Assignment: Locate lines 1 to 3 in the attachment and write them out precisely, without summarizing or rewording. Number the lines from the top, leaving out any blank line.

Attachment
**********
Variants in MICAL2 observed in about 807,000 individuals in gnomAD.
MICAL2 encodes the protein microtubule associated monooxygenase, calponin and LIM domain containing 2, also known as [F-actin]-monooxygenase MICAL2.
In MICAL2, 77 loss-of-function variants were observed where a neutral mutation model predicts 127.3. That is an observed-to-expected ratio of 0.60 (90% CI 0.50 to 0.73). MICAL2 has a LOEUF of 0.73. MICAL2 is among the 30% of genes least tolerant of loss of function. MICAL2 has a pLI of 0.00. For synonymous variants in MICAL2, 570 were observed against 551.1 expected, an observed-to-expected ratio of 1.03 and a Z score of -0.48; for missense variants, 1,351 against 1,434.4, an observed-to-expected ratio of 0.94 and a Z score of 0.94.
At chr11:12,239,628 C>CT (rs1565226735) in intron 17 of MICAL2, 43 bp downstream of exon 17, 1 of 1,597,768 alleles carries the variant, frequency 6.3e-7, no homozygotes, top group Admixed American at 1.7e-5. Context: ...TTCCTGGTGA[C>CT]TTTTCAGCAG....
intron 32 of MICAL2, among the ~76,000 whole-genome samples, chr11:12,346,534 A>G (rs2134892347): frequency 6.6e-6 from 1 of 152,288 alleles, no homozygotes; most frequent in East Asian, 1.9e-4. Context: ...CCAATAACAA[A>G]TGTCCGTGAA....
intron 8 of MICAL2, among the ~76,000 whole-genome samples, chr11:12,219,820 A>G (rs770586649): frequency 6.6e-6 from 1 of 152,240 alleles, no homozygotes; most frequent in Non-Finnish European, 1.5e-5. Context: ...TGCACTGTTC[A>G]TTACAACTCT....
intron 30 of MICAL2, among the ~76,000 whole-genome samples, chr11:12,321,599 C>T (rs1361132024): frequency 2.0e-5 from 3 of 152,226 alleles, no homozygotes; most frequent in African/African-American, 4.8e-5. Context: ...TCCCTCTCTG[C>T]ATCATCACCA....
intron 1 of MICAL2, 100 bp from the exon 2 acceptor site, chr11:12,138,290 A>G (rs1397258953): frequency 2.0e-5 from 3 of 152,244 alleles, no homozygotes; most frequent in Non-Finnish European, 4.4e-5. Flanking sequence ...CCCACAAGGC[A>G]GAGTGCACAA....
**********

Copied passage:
Variants in MICAL2 observed in about 807,000 individuals in gnomAD.
MICAL2 encodes the protein microtubule associated monooxygenase, calponin and LIM domain containing 2, also known as [F-actin]-monooxygenase MICAL2.
In MICAL2, 77 loss-of-function variants were observed where a neutral mutation model predicts 127.3. That is an observed-to-expected ratio of 0.60 (90% CI 0.50 to 0.73). MICAL2 has a LOEUF of 0.73. MICAL2 is among the 30% of genes least tolerant of loss of function. MICAL2 has a pLI of 0.00. For synonymous variants in MICAL2, 570 were observed against 551.1 expected, an observed-to-expected ratio of 1.03 and a Z score of -0.48; for missense variants, 1,351 against 1,434.4, an observed-to-expected ratio of 0.94 and a Z score of 0.94.